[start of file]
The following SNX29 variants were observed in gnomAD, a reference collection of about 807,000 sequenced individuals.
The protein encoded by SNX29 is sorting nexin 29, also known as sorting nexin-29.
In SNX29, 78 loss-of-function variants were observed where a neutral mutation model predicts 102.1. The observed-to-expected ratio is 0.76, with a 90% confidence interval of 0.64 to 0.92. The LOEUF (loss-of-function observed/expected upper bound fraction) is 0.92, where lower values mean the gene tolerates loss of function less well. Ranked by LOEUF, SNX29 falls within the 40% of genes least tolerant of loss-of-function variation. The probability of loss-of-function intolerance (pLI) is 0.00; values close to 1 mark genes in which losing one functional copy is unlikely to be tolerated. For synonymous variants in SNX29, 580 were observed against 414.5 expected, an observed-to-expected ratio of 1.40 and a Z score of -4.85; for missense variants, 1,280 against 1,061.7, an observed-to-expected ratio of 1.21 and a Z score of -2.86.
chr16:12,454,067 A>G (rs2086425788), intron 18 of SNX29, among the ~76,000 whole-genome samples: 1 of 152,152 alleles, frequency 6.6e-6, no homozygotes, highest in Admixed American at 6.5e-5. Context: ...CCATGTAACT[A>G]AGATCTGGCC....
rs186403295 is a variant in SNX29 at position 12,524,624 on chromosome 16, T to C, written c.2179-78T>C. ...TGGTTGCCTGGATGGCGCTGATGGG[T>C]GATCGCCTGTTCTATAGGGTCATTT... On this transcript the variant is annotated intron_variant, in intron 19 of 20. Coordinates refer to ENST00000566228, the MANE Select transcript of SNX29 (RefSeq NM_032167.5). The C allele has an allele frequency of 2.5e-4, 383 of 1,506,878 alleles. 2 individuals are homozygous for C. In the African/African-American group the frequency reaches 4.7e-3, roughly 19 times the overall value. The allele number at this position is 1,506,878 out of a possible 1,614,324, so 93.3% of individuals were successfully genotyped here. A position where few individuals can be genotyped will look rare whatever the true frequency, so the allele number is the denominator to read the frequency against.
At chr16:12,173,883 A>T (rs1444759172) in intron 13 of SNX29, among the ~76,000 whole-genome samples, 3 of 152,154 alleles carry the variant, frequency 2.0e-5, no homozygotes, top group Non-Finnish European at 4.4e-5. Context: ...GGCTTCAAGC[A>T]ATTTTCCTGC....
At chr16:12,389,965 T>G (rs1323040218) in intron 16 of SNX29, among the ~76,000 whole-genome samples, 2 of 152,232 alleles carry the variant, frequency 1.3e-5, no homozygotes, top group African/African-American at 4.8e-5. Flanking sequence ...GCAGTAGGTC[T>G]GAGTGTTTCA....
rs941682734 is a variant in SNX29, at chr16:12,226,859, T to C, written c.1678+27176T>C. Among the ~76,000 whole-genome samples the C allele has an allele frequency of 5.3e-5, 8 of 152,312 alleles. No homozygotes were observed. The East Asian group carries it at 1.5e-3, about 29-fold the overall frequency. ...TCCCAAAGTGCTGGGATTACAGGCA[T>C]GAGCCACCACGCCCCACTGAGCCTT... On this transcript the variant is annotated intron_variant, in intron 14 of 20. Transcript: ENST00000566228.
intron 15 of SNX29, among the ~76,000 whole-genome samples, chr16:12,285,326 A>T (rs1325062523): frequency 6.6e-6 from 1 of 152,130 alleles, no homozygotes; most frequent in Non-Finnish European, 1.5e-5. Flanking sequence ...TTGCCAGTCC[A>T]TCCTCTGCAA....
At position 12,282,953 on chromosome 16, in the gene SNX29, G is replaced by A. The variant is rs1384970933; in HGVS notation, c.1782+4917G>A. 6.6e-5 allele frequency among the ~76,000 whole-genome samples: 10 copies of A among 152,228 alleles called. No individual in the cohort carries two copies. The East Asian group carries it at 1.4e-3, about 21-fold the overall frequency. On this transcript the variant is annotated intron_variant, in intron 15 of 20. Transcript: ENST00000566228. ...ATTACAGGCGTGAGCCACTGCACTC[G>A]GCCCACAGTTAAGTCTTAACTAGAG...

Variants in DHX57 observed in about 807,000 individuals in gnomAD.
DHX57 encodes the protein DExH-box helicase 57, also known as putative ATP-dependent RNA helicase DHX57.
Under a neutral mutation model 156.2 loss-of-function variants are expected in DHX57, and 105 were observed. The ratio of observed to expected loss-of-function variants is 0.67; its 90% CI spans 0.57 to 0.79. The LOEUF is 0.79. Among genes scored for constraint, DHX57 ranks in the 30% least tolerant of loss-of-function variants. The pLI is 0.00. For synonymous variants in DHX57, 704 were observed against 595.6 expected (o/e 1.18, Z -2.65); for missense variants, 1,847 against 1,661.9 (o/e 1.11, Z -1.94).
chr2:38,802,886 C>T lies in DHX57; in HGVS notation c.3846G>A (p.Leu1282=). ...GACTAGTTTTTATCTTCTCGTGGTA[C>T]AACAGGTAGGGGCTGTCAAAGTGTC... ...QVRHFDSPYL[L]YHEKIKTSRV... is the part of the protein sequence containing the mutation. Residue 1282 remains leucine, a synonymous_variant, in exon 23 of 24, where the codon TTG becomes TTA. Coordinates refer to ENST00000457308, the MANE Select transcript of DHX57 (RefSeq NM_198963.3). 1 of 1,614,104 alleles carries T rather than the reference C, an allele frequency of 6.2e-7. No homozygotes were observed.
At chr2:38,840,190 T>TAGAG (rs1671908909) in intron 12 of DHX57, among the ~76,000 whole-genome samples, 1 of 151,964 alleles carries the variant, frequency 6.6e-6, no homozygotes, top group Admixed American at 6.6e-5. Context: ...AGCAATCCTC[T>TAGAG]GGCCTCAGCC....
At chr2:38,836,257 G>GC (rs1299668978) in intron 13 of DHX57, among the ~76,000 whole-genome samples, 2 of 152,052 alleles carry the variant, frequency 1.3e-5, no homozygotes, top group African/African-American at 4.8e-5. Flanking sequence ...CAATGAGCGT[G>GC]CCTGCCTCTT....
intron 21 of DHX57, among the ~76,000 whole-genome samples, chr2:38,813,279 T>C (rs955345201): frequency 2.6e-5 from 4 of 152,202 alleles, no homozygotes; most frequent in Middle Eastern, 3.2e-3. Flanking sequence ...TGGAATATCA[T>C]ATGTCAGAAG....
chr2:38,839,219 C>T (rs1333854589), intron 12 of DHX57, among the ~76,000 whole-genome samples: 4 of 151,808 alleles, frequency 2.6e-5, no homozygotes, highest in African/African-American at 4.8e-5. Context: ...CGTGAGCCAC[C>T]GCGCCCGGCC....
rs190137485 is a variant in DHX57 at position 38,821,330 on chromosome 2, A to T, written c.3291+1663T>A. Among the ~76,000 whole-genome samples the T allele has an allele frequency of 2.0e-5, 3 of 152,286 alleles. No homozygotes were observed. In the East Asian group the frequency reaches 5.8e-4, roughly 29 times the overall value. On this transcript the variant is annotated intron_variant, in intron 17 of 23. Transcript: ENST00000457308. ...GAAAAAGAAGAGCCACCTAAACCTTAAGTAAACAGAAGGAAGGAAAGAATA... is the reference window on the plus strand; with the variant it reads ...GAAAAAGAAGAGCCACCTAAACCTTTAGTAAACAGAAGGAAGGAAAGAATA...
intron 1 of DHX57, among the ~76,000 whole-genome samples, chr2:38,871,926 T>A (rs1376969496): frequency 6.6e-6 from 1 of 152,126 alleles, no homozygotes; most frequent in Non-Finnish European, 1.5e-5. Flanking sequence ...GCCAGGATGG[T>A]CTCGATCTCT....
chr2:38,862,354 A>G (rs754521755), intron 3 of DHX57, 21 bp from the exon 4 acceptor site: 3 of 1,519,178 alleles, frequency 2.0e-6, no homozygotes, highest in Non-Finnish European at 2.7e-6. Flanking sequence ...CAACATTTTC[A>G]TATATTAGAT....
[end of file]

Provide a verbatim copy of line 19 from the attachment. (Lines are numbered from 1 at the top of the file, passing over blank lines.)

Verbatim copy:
rs190137485 is a variant in DHX57 at position 38,821,330 on chromosome 2, A to T, written c.3291+1663T>A. Among the ~76,000 whole-genome samples the T allele has an allele frequency of 2.0e-5, 3 of 152,286 alleles. No homozygotes were observed. In the East Asian group the frequency reaches 5.8e-4, roughly 29 times the overall value. On this transcript the variant is annotated intron_variant, in intron 17 of 23. Transcript: ENST00000457308. ...GAAAAAGAAGAGCCACCTAAACCTTAAGTAAACAGAAGGAAGGAAAGAATA... is the reference window on the plus strand; with the variant it reads ...GAAAAAGAAGAGCCACCTAAACCTTTAGTAAACAGAAGGAAGGAAAGAATA...